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Statewide advocacy and action agencies unite

After decades of working together on a common agenda for public policy, the Washington Association of Churches (WAC) and Lutheran Public Policy Office of Washington (LPPO) voted on June 11 to merge and form the Faith Action Network: A Partnership for the Common Good (FAN).

Alice Woldt and Paul Benz-FAN

Alice Woldt and Paul Benz, co-directors of FAN

The new organization brings together the two agencies’ staffs and constituencies for their mission as “a statewide partnership of faith communities striving for a just and sustainable world through community building, education and courageous public action.”

Both groups have been working together ecumenically, so the decision came after several years of discussion and prayerful discernment, said the Rev. Carol Jensen, former chair of the LPPO council, and the Rev. Sharon Moe, former chair of the WAC Board.

“It is good stewardship of limited resources to bring two organizations with such similar purposes together,” they said.

Three members of each organization are new members of the FAN governing board, which also includes three people—one each from the Jewish, African-American and Hispanic communities.

A 30-member advisory council, which includes former boards of the WAC and LPPO, will also include a diverse range of faith groups.

This summer, the WAC moved from University Temple United Methodist Church to the LPPO office at Denny Park Lutheran Church at 766 John St. in Seattle.  The WAC phone number has been transferred to that office. The websites are in the process of being merged from and to

Alice Woldt, former executive director of the WAC, and the Rev. Paul Benz, former executive director of the LPPO, will continue as full time co-directors until the end of 2011, when Alice retires.  Kelly Rose is the coordinator of communication and development in Seattle and David Hacker is director of congregational relations in Yakima.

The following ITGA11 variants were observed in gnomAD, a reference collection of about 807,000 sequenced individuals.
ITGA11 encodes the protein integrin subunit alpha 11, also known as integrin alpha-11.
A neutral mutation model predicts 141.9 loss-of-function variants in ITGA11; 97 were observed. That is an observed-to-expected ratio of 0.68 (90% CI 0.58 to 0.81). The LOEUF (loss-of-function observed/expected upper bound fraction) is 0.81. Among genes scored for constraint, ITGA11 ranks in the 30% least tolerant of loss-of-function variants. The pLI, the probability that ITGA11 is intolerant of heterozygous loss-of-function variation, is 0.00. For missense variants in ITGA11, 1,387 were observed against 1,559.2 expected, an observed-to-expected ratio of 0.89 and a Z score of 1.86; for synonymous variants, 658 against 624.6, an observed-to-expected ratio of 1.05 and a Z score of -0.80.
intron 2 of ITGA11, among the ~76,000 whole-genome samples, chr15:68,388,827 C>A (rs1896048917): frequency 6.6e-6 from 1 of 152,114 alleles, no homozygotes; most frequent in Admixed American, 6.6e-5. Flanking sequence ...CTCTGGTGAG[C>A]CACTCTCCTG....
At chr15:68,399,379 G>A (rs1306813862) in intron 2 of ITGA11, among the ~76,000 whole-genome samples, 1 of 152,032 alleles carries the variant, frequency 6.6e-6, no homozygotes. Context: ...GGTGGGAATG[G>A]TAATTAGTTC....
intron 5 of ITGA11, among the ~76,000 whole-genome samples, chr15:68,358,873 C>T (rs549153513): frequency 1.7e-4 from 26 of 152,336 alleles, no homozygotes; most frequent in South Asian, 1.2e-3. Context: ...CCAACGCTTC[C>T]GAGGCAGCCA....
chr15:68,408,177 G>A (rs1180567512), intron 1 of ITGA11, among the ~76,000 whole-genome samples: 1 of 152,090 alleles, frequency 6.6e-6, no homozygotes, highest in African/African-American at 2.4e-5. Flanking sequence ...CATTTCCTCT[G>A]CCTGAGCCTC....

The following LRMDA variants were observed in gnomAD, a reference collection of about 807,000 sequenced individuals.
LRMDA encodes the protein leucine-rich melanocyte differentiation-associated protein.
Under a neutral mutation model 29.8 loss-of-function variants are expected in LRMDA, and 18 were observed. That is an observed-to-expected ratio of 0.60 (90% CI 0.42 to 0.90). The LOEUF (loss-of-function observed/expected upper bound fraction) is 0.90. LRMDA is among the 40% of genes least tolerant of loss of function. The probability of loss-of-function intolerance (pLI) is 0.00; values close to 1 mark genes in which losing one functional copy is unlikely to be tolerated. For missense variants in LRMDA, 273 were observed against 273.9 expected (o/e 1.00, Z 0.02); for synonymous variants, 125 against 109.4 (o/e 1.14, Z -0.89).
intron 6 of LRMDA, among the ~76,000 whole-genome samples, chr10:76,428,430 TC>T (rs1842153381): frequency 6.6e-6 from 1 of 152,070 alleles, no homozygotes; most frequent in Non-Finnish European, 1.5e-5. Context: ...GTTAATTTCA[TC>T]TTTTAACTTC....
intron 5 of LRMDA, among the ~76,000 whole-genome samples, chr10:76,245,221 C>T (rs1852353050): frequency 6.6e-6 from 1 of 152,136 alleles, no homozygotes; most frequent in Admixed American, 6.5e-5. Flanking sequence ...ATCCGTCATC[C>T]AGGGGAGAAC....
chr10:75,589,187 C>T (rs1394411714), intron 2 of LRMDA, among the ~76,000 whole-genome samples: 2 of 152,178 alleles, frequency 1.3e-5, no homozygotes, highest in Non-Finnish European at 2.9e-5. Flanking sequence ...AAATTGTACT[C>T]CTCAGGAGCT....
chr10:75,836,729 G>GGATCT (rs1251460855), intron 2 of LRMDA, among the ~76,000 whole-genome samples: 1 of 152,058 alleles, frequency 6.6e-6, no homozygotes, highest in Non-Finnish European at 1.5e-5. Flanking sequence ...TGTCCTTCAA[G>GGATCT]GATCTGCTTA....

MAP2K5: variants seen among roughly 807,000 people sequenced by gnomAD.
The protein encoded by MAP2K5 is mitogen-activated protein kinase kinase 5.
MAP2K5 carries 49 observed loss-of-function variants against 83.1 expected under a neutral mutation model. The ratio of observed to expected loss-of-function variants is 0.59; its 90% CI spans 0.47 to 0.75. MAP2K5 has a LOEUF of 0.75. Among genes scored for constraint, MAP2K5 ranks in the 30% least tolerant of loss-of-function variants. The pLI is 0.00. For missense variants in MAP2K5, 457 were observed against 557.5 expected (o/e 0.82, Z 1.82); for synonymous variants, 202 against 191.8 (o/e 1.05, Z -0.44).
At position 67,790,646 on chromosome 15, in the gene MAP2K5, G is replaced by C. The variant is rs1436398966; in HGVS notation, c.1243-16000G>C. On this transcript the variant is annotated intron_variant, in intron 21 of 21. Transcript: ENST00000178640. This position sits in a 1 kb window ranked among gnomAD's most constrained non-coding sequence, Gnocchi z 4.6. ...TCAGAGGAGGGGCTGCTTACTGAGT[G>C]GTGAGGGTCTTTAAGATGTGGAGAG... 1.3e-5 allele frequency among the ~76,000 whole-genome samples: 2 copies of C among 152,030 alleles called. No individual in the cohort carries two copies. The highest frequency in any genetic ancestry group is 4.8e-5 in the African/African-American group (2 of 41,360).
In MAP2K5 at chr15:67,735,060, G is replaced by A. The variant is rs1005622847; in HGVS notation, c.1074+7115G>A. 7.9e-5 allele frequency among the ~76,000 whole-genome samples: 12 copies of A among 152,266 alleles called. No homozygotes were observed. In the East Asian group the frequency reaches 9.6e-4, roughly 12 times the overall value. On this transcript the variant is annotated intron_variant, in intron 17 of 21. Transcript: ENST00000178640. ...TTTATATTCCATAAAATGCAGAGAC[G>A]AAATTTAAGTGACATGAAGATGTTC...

Paul said that the new organization will continue to be the state public policy office for the ELCA and will continue to reach out to include all denominations, and will make a new effort to reach out to people of all other faiths.

Paul and Alice are finding there is much work to bringing the two agencies together—from organizing programs to re-establishing a bulk nonprofit mailing permit, merging files and databases, and interviewing stakeholders.

“I think the new FAN is building new energy around the agenda that seeks to create transformation in society,” said Alice.  “There is also new energy around spreading the word in new ways with social media and working more at a grassroots level.

We seek to be a more effective voice for social justice as we start the Faith Action Network.  Effectiveness and stewardship are the key words behind the decision of the Washington Association of Churches and the LPPO to combine forces as organizations with similar agendas and concerns.”

The LPPO celebrated its 25th anniversary five years ago.  It started in the 1980s when the ELCA became one of two national churches—the Roman Catholic being the other—to fund state public policy offices, in addition to its advocacy work in Washington, D.C.  The offices are funded through the ELCA’s Hunger Appeal.  Efforts of Paul and the State Council have made LPPO a full-time ministry with a small staff.

“FAN will continue the commitment to raise funds for a quality staff that reaches out to congregations, individuals and community partners to build effective organizations, networks and movements that advocate on critical issues of the day,” Paul asserted.

While some LPPO constituents may be concerned that the loss of the Lutheran identity, which helps the LPPO reach Lutheran congregations, Moe and Jensen assured that the FAN will continue to be the ELCA’s public policy office, and the ELCA will continue to support this venture.

For some WAC constituents, there may be concern about how judicatories and ecumenical organizations find their place at the table, but bishops and judicatory leaders have been supportive of the merger, and ecumenical bodies, such as the Church Council of Greater Seattle and Associated Ministries of Pierce County, were part of the decision-making process.

“FAN will continue to approach its educational and organizing work in congregations by  drawing on the scriptural, theological and historical roots for advocacy within the congregations and faith traditions,” said Moe and Jensen. “Faithful advocates in communities from Spokane to Port Angeles have been teaching us that education and action for the common good are more effective ecumenically and in interfaith partnership than as individual faith communities.”